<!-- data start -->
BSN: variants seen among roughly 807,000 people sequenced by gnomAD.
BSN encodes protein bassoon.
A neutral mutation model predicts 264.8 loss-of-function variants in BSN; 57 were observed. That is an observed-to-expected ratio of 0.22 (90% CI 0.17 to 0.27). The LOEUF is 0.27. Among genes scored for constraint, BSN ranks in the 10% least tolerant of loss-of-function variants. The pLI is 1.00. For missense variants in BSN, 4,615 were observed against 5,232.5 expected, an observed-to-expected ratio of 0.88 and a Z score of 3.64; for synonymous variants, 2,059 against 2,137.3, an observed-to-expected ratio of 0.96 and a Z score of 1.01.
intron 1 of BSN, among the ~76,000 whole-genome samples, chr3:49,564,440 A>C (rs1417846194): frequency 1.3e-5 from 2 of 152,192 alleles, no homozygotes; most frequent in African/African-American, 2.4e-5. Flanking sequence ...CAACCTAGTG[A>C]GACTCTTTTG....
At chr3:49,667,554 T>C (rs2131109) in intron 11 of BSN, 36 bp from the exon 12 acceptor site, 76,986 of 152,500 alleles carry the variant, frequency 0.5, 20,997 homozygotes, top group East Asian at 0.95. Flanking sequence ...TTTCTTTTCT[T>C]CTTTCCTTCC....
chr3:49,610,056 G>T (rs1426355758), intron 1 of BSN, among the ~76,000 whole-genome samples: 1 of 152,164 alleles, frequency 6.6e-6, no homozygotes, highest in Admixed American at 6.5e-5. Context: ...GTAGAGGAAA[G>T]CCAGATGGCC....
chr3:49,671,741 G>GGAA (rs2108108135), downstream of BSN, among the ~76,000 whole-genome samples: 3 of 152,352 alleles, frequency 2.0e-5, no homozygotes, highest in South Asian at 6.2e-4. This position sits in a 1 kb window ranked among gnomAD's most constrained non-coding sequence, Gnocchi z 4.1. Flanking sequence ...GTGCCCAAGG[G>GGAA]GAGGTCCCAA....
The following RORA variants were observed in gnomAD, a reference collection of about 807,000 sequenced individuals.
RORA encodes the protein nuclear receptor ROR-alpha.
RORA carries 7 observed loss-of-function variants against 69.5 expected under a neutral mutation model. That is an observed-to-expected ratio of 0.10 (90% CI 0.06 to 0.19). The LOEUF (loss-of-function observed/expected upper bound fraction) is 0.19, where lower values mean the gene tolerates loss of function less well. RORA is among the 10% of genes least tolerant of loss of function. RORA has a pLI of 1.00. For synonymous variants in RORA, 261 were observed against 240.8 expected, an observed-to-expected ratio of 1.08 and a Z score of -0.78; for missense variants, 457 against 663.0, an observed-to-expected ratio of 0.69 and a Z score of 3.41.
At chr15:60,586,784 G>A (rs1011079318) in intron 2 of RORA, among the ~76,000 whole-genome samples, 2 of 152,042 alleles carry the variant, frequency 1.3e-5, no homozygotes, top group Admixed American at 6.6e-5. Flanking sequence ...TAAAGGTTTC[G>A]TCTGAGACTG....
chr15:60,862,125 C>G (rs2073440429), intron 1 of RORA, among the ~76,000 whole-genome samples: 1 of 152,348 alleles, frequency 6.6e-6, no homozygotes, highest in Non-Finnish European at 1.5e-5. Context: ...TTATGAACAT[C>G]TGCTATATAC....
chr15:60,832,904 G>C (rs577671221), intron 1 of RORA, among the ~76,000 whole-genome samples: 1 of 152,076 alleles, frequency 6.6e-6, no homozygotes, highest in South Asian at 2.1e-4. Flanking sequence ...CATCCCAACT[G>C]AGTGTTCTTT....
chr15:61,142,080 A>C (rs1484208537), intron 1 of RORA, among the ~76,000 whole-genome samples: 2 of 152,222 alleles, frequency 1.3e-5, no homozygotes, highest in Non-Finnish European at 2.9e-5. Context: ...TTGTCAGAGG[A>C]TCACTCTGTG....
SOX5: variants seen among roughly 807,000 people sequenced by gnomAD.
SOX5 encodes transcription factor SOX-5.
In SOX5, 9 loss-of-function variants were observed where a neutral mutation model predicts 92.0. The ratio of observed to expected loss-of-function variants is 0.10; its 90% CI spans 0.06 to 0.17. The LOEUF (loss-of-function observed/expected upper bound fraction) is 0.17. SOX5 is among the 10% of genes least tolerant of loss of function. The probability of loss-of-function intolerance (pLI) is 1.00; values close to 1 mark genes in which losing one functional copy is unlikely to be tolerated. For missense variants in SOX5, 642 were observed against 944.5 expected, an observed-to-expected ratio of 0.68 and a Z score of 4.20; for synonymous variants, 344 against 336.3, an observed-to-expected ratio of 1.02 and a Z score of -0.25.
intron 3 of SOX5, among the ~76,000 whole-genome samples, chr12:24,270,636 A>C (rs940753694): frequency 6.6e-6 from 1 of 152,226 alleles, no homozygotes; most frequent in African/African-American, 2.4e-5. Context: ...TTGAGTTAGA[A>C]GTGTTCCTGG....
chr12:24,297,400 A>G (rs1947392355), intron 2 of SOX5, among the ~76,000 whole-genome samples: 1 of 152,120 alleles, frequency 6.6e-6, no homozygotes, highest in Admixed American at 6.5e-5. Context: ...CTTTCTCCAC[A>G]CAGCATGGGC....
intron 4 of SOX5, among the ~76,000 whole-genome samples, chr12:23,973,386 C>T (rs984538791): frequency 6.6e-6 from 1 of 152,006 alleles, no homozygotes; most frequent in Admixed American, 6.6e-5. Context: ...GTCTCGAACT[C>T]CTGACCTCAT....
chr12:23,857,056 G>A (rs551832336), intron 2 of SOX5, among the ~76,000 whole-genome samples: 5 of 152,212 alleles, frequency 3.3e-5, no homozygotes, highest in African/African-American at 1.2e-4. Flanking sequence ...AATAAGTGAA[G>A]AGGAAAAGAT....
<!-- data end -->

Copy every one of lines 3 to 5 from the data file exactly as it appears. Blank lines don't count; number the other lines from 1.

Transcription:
A neutral mutation model predicts 264.8 loss-of-function variants in BSN; 57 were observed. That is an observed-to-expected ratio of 0.22 (90% CI 0.17 to 0.27). The LOEUF is 0.27. Among genes scored for constraint, BSN ranks in the 10% least tolerant of loss-of-function variants. The pLI is 1.00. For missense variants in BSN, 4,615 were observed against 5,232.5 expected, an observed-to-expected ratio of 0.88 and a Z score of 3.64; for synonymous variants, 2,059 against 2,137.3, an observed-to-expected ratio of 0.96 and a Z score of 1.01.
intron 1 of BSN, among the ~76,000 whole-genome samples, chr3:49,564,440 A>C (rs1417846194): frequency 1.3e-5 from 2 of 152,192 alleles, no homozygotes; most frequent in African/African-American, 2.4e-5. Flanking sequence ...CAACCTAGTG[A>C]GACTCTTTTG....
At chr3:49,667,554 T>C (rs2131109) in intron 11 of BSN, 36 bp from the exon 12 acceptor site, 76,986 of 152,500 alleles carry the variant, frequency 0.5, 20,997 homozygotes, top group East Asian at 0.95. Flanking sequence ...TTTCTTTTCT[T>C]CTTTCCTTCC....